“In rural areas, there is double the prevalence of anxiety depression, suicidality and hard drug use than there are in urban areas and a lot of people don’t understand that,” Mayfield said. “Up here in our rural area, that is not quite as easy for a lot of our kids and so just connecting to other caring adults can be really helpful, especially as the kids get older.”

Social connection whether through fellow classmates or teachers is a big motivating force for students to show up to class. As the pandemic has shifted school to online platforms, motivation to attend has been a challenge.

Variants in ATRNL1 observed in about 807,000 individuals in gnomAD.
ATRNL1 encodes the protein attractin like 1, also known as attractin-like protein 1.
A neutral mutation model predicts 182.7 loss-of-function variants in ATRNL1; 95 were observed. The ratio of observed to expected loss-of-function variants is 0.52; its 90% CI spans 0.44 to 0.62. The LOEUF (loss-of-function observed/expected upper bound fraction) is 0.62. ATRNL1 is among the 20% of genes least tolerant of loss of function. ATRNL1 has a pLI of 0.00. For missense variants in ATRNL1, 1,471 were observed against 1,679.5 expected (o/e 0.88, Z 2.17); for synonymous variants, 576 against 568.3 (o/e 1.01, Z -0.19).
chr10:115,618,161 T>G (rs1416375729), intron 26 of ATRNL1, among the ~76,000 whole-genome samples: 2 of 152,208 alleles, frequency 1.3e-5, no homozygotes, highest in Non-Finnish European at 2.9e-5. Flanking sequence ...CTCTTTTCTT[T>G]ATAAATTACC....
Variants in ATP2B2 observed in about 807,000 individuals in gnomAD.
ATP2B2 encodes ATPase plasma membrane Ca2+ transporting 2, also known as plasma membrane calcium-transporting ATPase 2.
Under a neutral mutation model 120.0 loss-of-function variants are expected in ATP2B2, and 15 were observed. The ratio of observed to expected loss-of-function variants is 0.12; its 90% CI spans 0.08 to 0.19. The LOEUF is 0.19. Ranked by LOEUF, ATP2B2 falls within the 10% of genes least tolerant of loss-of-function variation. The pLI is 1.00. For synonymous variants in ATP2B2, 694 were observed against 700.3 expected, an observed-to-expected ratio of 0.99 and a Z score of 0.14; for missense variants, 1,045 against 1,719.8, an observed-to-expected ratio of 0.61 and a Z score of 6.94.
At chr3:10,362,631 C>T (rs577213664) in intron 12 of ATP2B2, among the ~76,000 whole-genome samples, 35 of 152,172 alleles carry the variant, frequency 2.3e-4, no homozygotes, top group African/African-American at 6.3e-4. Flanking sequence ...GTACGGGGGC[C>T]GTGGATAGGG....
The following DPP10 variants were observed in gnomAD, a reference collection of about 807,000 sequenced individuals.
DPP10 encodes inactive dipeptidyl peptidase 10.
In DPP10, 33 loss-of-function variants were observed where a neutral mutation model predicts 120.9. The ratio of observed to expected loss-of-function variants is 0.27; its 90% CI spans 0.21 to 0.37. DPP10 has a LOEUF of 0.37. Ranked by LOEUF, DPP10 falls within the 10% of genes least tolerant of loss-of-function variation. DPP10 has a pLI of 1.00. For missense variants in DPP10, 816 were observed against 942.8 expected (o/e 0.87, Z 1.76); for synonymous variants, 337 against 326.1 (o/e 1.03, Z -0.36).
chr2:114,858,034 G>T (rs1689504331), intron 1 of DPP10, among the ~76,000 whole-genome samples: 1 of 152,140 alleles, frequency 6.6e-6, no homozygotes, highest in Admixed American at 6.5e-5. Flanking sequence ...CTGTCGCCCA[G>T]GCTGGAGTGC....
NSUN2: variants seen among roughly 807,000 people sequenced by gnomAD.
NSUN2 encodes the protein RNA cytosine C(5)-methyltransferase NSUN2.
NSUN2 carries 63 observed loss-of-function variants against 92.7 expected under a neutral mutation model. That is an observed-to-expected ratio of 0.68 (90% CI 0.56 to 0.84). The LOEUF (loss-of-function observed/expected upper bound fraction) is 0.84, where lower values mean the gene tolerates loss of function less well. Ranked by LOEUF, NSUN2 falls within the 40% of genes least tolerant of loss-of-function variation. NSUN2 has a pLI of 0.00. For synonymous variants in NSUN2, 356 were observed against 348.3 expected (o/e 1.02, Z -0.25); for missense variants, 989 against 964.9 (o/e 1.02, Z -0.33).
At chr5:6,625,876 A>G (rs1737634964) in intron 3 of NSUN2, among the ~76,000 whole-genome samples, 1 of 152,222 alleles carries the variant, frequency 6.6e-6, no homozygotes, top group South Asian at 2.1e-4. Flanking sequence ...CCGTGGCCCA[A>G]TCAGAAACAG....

Adams, along with several other topics, works on motivation of students to come to school which has been exacerbated due to the pandemic. The pandemic has not only changed the fabric of how students are learning but also socializing and handling mental health.

“Someone had said, ’yeah we’re all on the same ocean we’re all doing this together, but we’re not necessarily on the same boat,’” Adams said.

Adams says that families are all experiencing this shift differently whether it’s several siblings trying to use the same hotspot or parents trying to work from home, students are facing unprecedented challenges associated with the pandemic with school and their mental health.

“I think something with this pandemic that our whole culture and society can improve on is a focus on that of service and the benefits of service, kids and adolescents are really wired for it and they don’t get enough opportunity,” Mayfield said.